This June 2, 2020 release is so weird. Like in all the best ways. I struggled for a few days about how to describe it. This is the kind of book you either love or hate. It’s quirky in all the best ways. It’s completely YA, I’d say no readers under say 14, because there are age appropriate sexual situations. I will tell you that this book reps main characters that are biracial, LGBTQ, and dragon. I’m probably biased about the premise of slapping a fantasy premise into historical fiction since my own book does something similar, but I found it wonderfully refreshing. Entering into our world in the 1950’s when tensions are running high between the United States and The Soviet Union made me think I knew where it was all going and I was completely wrong. Don’t read the synopsis or any reviews with spoilers if you can help it. This is one of those stories best enjoyed on an empty stomach.

Hood by Jenny Elder Moke is another early June 2020 release that I adored. This story of Isabelle of Kirklees grabbed me from the start. Isabelle is Robin Hood and Marien’s daughter! The atmosphere is exactly what you’d want it to be and it’s filled with intrigue and lines like, Find Thomas at the Inn and tell him “The Wolf is coming.”

Isabelle has grown up in a priory so traveling, meeting The Merry Men and fighting for her life could easily overwhelm a weaker character. This is a Robin Hood retelling and it did not disappoint me in any way. I found the story line chock full of spaces for discussions about our family values and what humans sometimes have to do in tough times.

If you have a reluctant reader or one who loves historical fiction this story will suit them both. This is designated YA but although there is some violence it isn’t gory or unjustified and I’d read it to Middle Graders on up. I read this pre-publication on Kindle, and am ordering it for our next go around through Middle Age Literature in our homeschool.

Sal and Gabi are back! This is the sequel to Sal and Gabi Break the Universe and it picks up right where the first one leaves off. It’s pretty important that you read the first book or this one won’t make much sense. I like this new series because it does not fall into the typical Riordan method of demi gods etc. This is pure Middle grade SciFi that can be read aloud to younger kids and would be a great goofy entire family listen on Audible. The science can provide you with tons of rabbit trails, and there is silly bathroom humor. How many books can boast both of those?

Wonder Woman origin stories are always at the top of my TBR stack. This one is a complete treat. I read it in little bits every night to stretch it out. Diana is thrust into the outside world and rises to the challenge of leaving the Utopia of the Amazons for our very challenged civilization as you’d hope she would. Happy sigh. The story includes a diverse cast, beautiful artwork, and I am ordering a paperback copy for our shelves- even though I was gifted an electronic copy to review. 5 stars!

This is another new graphic novel from DC. They are really on it last few months. I’m having a blast reading these on my Kindle Fire. It took a bit of trial and error, but now that I’ve got it, I’m pretty happy reading on Comixology. This story centers on racism, which is a complicated topic, and I thought that this novel (aimed at the YA crowd) handled all of the complicated aspects well. I’m adding it to our high school reading list, and I’d recommend it to adults as well. I found that when Superman says,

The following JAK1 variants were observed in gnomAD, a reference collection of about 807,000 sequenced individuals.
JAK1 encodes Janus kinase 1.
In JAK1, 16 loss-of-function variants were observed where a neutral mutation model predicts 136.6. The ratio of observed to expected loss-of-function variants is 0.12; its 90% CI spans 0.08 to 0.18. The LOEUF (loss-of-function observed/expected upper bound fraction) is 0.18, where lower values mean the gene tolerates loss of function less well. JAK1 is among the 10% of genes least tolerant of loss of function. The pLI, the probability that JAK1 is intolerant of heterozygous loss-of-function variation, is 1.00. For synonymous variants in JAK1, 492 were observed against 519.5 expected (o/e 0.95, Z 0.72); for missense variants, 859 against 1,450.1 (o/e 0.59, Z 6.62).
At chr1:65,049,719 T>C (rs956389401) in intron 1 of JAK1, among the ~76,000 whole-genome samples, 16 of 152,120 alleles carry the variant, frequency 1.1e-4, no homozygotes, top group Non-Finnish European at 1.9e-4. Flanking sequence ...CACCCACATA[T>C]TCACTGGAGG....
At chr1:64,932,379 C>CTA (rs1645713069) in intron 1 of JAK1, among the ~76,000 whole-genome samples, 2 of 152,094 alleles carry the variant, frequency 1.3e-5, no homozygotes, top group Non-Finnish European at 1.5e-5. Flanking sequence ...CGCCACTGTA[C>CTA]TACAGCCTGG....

“We are bound together by the future. We all share  the same tomorrow.”

that he could be speaking to all of us in 2020.

Ah, tempting to get on my why we homeschool soapbox. Instead I’ll direct you to this book which explains in detail the very flawed unfair system of who qualifies for the best education in the United States. The author focused on big city school districts (zip code determines your school choice in most areas) and I’d add that rural areas see the same discrepinacies. You don’t have to be fluent in Edu-Speak to understand and exactly why our system needs a revamping. In other words, if you think the system is fair, you are probably white, urban, and upper income. That isn’t to say that poor people don’t have other problems, but education is a valid way to improve society as a whole.

I am loving these new generation Harlequin mystery/romance novels. We all need escapism these days, and this gives you that and a bit of brain exercise as you weigh the facts to decide if you can figure out the mystery. This might be the book that gets you out of your reading slump. There isn’t as much back story as I would have liked, but that makes it a quick and satisfying read—another great one for the backyard lawn chair.

Victim to Villain. I didn’t think I’d go for it, but it was a hit for me. This story was very dark and very twisty. Eleanor finds out that her father isn’t her biological dad from him on his deathbed. She ends up searching out her real dad and befriends his daughter. I could never decide whether she was insane with anger and grief, or if she was always a bit twisted. Either way, I read this one night. It’s a solid four stars.

Graphic Novel YA fiction

Lost Carnival

Before he met Batman, Dick Grayson discovered the power of young love–and its staggering cost–at the magical Lost Carnival.

Haly’s traveling circus no longer has the allure of its glamorous past, but it still has one main attraction: the Flying Graysons, a family of trapeze artists featuring a teenage Dick Grayson. The only problem is that Dick loathes spending his summers performing tired routines for dwindling crowds.
When the Lost Carnival opens nearby and threatens to pull Haly’s remaining customers, Dick is among those drawn to its nighttime glow. But there are ancient forces at work at the Lost Carnival, and when Dick meets the mysterious Luciana and her nomadic family, he may be too mesmerized to recognize the danger ahead.

Beneath the carnival’s dazzling fireworks, Dick must decide who he is and who he wants to be–choosing between loyalty to his family history and a glittering future with new friends and romance. Writer Michael Moreci and artist Sas Milledge redefine Dick Grayson in The Lost Carnival, a young adult graphic novel exploring the power and magic of young love.

DC Comics May 5, 2020

What did I think?

If you loved The Night Circus this will be in your wheelhouse. Or the wheelhouse of any reader who loves Robin. There are a few nods to Batman, but this is a stand alone Middle Grade series centering on Dick Grayson and I am all in. I love that DC has these new series, it can be intimidating to begin reading a well known and loved series and this lets kids (and adults!) start at the beginning.

I’m hoping to obtain this beauty IRL, I adore Art Deco and this is the kind of cover that would be face out on my shelves. In fact, all the artwork is beautiful, I especially enjoyed how the artist used a different color palette with each circus. (Yes, there are two) This glimpse into Dick’s life as a teenager is an awesome origin story. Even if you don’t know much about Batman you’ll want to continue into the next volume for sure.

I’m giving this one 4 1/2 stars.